Wednesday, July 8, 2009

Fighting Words Q&A: Lou Merloni

Lou Merloni, right, remains close friends with ex-Sox superstar Nomar Garciaparra. Photo from this site.

I was fortunate enough to land most of the interviews I wanted in the writing of Fighting Words, but there were a few who got away—most notably Nomar Garciaparra, the shy and withdrawn franchise icon who had a strained relationship with the press before he was shockingly traded by the Red Sox five years ago this month.

I was hoping to catch Garciaparra in Washington or Pittsburgh when the Cubs made trips there in May 2005, but those plans were snuffed out when Garciaparra suffered a gruesome groin injury in April that sidelined him until August. Subsequent attempts to speak to him via various intermediaries were unsuccessful.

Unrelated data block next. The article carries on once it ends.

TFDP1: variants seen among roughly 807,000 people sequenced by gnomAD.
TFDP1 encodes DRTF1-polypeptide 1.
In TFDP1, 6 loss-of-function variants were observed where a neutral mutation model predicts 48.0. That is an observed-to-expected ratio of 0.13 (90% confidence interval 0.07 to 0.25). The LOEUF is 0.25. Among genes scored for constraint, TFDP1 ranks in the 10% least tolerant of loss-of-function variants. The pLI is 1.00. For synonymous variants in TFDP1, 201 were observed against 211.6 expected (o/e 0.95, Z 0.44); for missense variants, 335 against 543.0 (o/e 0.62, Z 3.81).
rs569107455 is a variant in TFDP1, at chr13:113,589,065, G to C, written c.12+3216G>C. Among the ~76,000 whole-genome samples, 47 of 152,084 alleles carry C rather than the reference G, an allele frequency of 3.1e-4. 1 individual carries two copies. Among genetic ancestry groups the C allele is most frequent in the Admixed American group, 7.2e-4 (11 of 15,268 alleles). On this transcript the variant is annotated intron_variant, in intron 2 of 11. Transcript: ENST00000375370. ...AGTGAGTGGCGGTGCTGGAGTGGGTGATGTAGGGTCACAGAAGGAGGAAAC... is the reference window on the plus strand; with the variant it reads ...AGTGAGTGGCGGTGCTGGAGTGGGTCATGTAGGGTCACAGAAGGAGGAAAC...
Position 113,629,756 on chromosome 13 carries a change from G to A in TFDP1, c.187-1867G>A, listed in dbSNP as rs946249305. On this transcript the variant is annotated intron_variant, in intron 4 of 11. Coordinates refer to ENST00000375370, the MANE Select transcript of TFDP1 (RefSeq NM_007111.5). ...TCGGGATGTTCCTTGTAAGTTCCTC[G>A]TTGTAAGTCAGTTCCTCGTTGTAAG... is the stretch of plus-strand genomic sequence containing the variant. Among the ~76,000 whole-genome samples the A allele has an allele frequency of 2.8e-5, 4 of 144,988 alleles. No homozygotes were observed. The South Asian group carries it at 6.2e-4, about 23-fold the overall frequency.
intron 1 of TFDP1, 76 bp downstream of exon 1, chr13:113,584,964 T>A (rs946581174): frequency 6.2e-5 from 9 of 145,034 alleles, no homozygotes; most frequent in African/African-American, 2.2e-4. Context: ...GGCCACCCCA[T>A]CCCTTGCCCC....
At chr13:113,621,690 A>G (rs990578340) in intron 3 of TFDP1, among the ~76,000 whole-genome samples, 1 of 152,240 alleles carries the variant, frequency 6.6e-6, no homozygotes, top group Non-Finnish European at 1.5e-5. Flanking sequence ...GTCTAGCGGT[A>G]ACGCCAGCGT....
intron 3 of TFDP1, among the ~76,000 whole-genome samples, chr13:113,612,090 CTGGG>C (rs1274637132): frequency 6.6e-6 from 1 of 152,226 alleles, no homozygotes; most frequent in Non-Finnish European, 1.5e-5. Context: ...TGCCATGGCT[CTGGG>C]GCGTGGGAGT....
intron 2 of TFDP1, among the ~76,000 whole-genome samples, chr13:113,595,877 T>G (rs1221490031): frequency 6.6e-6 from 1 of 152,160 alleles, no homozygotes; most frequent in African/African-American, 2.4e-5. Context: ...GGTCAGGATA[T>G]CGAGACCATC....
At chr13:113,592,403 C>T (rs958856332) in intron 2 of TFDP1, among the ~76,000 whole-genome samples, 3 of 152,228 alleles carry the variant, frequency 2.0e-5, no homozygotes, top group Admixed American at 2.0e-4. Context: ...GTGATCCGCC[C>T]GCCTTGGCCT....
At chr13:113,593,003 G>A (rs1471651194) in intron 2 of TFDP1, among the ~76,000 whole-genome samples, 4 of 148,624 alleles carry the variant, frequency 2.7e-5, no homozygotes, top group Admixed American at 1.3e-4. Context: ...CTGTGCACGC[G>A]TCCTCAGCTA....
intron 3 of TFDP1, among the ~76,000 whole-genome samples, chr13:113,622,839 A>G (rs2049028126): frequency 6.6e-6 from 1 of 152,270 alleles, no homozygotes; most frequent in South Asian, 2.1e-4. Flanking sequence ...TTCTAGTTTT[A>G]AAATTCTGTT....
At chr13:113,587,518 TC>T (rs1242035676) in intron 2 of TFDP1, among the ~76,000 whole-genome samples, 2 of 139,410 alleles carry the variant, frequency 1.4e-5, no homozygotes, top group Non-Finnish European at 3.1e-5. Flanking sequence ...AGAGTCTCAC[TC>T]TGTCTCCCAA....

I relied on various conversations with reporters as well as Garciaparra’s friends and ex-teammates in (hopefully) painting a balanced picture of Garciaparra’s complicated relationship with the press. You be the judge in Fighting Words, out now! (shameless plug over)

One of the most helpful people to talk to about Garciaparra was Lou Merloni, the utility infielder and Framingham native who was considered Garciaparra’s closest confidant on the Sox. This interview was conducted during the 2005-06 winter, during which Merloni—who worked for NESN last year and is now with Comcast New England—was with the Indians. With Garciaparra and the Athletics completing their series against the Sox tonight, I thought it was an appropriate time to unveil this Q&A.

What was your viewpoint of the media during your time with the Red Sox and specifically the attention surrounding the Sox’ pursuit of a championship?